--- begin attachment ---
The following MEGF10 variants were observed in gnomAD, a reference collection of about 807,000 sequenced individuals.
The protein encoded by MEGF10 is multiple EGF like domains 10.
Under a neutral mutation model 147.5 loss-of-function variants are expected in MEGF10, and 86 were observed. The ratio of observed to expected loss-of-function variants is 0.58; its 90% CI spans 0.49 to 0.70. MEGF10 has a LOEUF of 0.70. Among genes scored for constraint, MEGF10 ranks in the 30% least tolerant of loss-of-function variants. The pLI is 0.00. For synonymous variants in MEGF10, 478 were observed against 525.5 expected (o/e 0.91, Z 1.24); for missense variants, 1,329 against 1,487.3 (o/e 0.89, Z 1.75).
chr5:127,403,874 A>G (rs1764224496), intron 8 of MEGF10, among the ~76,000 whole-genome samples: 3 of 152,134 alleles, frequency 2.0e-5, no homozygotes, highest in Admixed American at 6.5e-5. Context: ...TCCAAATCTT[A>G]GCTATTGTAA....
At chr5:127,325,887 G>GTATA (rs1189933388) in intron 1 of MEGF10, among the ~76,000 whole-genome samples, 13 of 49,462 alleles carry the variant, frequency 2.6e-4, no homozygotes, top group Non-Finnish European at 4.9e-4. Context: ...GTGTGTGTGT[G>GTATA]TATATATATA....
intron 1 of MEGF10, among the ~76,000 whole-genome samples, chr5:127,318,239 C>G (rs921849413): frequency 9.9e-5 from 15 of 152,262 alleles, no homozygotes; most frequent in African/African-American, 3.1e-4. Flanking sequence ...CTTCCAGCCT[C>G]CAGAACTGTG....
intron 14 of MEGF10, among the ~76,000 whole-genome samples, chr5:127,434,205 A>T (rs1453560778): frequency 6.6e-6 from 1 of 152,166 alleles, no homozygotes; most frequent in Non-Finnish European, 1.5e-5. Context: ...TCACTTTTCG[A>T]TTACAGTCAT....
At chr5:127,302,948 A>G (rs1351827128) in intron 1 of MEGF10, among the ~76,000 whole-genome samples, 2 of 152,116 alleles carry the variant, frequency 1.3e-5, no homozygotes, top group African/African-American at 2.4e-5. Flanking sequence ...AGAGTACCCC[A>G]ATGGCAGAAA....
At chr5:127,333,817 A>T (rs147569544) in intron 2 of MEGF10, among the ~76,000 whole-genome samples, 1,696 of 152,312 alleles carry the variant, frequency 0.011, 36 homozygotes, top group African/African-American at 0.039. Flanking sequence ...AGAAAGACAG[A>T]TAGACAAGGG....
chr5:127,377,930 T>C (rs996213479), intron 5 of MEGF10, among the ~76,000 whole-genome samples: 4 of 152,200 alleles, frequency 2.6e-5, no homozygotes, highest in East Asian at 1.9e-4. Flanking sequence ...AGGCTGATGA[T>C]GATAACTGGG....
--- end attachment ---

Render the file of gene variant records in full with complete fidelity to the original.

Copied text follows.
The following MEGF10 variants were observed in gnomAD, a reference collection of about 807,000 sequenced individuals.
The protein encoded by MEGF10 is multiple EGF like domains 10.
Under a neutral mutation model 147.5 loss-of-function variants are expected in MEGF10, and 86 were observed. The ratio of observed to expected loss-of-function variants is 0.58; its 90% CI spans 0.49 to 0.70. MEGF10 has a LOEUF of 0.70. Among genes scored for constraint, MEGF10 ranks in the 30% least tolerant of loss-of-function variants. The pLI is 0.00. For synonymous variants in MEGF10, 478 were observed against 525.5 expected (o/e 0.91, Z 1.24); for missense variants, 1,329 against 1,487.3 (o/e 0.89, Z 1.75).
chr5:127,403,874 A>G (rs1764224496), intron 8 of MEGF10, among the ~76,000 whole-genome samples: 3 of 152,134 alleles, frequency 2.0e-5, no homozygotes, highest in Admixed American at 6.5e-5. Context: ...TCCAAATCTT[A>G]GCTATTGTAA....
At chr5:127,325,887 G>GTATA (rs1189933388) in intron 1 of MEGF10, among the ~76,000 whole-genome samples, 13 of 49,462 alleles carry the variant, frequency 2.6e-4, no homozygotes, top group Non-Finnish European at 4.9e-4. Context: ...GTGTGTGTGT[G>GTATA]TATATATATA....
intron 1 of MEGF10, among the ~76,000 whole-genome samples, chr5:127,318,239 C>G (rs921849413): frequency 9.9e-5 from 15 of 152,262 alleles, no homozygotes; most frequent in African/African-American, 3.1e-4. Flanking sequence ...CTTCCAGCCT[C>G]CAGAACTGTG....
intron 14 of MEGF10, among the ~76,000 whole-genome samples, chr5:127,434,205 A>T (rs1453560778): frequency 6.6e-6 from 1 of 152,166 alleles, no homozygotes; most frequent in Non-Finnish European, 1.5e-5. Context: ...TCACTTTTCG[A>T]TTACAGTCAT....
At chr5:127,302,948 A>G (rs1351827128) in intron 1 of MEGF10, among the ~76,000 whole-genome samples, 2 of 152,116 alleles carry the variant, frequency 1.3e-5, no homozygotes, top group African/African-American at 2.4e-5. Flanking sequence ...AGAGTACCCC[A>G]ATGGCAGAAA....
At chr5:127,333,817 A>T (rs147569544) in intron 2 of MEGF10, among the ~76,000 whole-genome samples, 1,696 of 152,312 alleles carry the variant, frequency 0.011, 36 homozygotes, top group African/African-American at 0.039. Flanking sequence ...AGAAAGACAG[A>T]TAGACAAGGG....
chr5:127,377,930 T>C (rs996213479), intron 5 of MEGF10, among the ~76,000 whole-genome samples: 4 of 152,200 alleles, frequency 2.6e-5, no homozygotes, highest in East Asian at 1.9e-4. Flanking sequence ...AGGCTGATGA[T>C]GATAACTGGG....